Hard to believe it’s tomato season again already. Seems like yesterday when we canned about 75 jars of last years crop. As luck would have it, we are down to our last two jars and it’s about time to make more!
This recipe is basic yet versatile. I make it a little thinner than the jarred stuff on the grocery store shelves and, yes, it tastes better too! I do this because, out of the jar it’s a great dip for bread sticks, veggie platters and your favorite fried cheesy things. Heck, I even dip my pizza crust in it! Thicken it up a little more through a little reduction and it becomes a nice pizza sauce, thicken a little more and you have a nice pasta sauce. The sky is the limit, of course.
These tomatoes were from a local farm in Hollis, New Hampshire. Firm, red and sweet. I know some recipes call for a little sugar to sweeten things up a bit, but we all know that is to hide bad, flavorless tomatoes, right? If you have a great tomato that is ripened on the vine and grown locally, you can almost expect that you are going to have an awesome product in the end. Being as we are working on ways to preserve the season, you will be able to enjoy this amazing sauce all the way through the winter and, hopefully, until next tomato season.
Questions, comments and concerns welcome…
House Made Tomato Sauce
This all purpose sauce is a bit thinner than you might expect from something you'd buy at the grocery store. It's great as a dip right out of the jar and can be turned into a pizza or pasta sauce by just reducing it a little bit over a medium-high heat. This recipe uses a bushel of tomatoes and I had to use two large stock pots to make it. Of course, if you want to cut this recipe in half it might be easier to deal with.
Ideally, you want to grow your own tomatoes. If you are unable to do this for any reason, research a local farm that offers tomatoes in bulk. Buying them this way is not only the most economical, but you are supporting your local farmer and getting the best tomatoes you can possibly get.
Bring a huge pot of water up to a boil. Cut an X slit on the flower end of the tomato and carefully cut the core out. This will make peeling them a lot easier. Once the water boils, drop your tomatoes in for 1-2 minutes or until you see the skins start to peel off. You don't want to cook them, just remove the skins.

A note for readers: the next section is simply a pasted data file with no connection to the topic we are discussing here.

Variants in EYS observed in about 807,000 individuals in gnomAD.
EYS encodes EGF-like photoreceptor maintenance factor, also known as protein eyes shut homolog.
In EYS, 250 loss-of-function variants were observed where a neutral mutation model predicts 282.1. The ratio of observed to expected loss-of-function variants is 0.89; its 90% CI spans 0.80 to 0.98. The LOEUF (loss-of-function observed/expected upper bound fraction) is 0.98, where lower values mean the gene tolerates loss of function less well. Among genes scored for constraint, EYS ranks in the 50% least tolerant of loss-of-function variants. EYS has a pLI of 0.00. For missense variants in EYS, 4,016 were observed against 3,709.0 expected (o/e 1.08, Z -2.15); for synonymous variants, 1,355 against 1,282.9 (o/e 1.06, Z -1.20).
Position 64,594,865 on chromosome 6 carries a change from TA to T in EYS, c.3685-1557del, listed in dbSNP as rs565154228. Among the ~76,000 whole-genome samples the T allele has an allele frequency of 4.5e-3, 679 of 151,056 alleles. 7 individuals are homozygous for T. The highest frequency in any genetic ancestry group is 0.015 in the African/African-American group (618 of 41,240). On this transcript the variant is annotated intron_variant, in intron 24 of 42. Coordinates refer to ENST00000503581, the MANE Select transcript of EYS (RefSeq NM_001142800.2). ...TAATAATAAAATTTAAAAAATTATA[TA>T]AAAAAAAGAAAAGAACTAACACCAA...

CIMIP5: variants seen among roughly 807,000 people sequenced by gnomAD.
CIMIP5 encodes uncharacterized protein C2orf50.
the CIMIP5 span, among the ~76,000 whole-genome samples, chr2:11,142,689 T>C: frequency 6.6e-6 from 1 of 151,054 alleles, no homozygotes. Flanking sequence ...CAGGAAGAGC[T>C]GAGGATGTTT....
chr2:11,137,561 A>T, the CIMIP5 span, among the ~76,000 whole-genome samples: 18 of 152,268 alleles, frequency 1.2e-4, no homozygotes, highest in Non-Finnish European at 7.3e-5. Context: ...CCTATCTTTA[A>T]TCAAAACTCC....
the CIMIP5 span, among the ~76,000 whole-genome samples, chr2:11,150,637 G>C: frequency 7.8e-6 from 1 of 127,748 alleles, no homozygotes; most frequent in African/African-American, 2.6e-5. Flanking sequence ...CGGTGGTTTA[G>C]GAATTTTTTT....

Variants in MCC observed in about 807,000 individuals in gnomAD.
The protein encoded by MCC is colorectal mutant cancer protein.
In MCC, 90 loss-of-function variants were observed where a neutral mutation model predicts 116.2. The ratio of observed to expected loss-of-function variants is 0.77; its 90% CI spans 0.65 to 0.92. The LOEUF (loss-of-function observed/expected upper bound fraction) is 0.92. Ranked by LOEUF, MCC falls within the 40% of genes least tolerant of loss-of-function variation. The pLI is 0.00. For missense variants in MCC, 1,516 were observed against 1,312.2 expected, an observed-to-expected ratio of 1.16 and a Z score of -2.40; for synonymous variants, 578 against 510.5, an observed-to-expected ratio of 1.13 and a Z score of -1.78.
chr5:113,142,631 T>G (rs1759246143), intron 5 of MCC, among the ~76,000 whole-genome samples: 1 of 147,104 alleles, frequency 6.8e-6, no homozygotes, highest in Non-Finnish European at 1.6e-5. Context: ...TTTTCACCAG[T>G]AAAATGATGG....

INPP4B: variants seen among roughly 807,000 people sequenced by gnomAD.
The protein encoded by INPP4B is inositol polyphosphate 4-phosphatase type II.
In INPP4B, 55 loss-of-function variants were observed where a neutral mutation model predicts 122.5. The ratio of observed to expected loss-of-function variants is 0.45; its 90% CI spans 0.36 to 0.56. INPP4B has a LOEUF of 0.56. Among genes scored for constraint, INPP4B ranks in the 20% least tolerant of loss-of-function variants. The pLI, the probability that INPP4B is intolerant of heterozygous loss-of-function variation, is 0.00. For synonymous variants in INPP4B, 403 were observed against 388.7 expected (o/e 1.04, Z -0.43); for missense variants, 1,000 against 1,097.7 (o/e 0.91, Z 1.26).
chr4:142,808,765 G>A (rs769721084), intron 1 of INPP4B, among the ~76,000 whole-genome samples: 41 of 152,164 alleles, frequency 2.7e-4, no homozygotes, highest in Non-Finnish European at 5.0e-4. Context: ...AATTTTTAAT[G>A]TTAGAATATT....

Next, dunk them into a clean sink full of ice water. This stops the cooking process and makes peeling them a bit easier. You can use the water to rinse your hands off while you peel your red orbs.
As you can see, the skins comes right off. You can throw them in your stock pot or in the compost bin as they are not good for your sauce.
After you're done peeling the tomatoes, cut them in half at the equator. Gently squeeze them over a strainer. You want to keep this lovely juice but discard the seeds. They will do nothing but cause bitterness to your sauce and get stuck in Granny's dentures, she won't like that.
Now that the "hard part" is out of the way, if you are doing this entire recipe, you will want to split everything listed above into two parts. Separate them in two large stock pots. Unless you really, really love making sauce or have a huge family, it doesn't make sense to do this more than one time. This recipe is designed to make and last you until next season.
Sauté your onions and garlic in the olive oil until soft and translucent. Add your red wine, reserved tomato juice and tomato paste. Stir together well and reduce by half over medium-high heat. This will concentrate your flavors. Building flavors is what makes this sauce lay on your tongue for a long time!
Add oregano, thyme, bay leaves and chili flakes (do not add the basil at this time) combine well.
Add your seeded, peeled tomatoes. Before tossing them in, however, you may find it easier to give them a squish in your hand first. This will assist in the cooking process. Stir well to combine everything. Bring to a simmer and cook, stirring occasionally, until tomatoes are soft, about 1 hour.
When tomatoes are soft, puree with a stick blender (one of my favorite kitchen tools ever!) until smooth.
Bring to a low boil, stirring occasionally, and then put on low heat. Cook, on low, for about 8-12 hours, stirring occasionally. This will reduce the sauce and build the flavors and add depth. Season with salt and pepper and add your basil about 30 minutes before it is done. Taste it. Adjust the seasoning to your liking.
When the sauce is reduced to your liking, can it according to your favorite canning instructions. I will dabble more in this awesome preservation technique later. Meanwhile, you may want to get a book or start a little Google searching. Canning is fun and easy.
Let your sauce cool on the counter over night then label, date and store.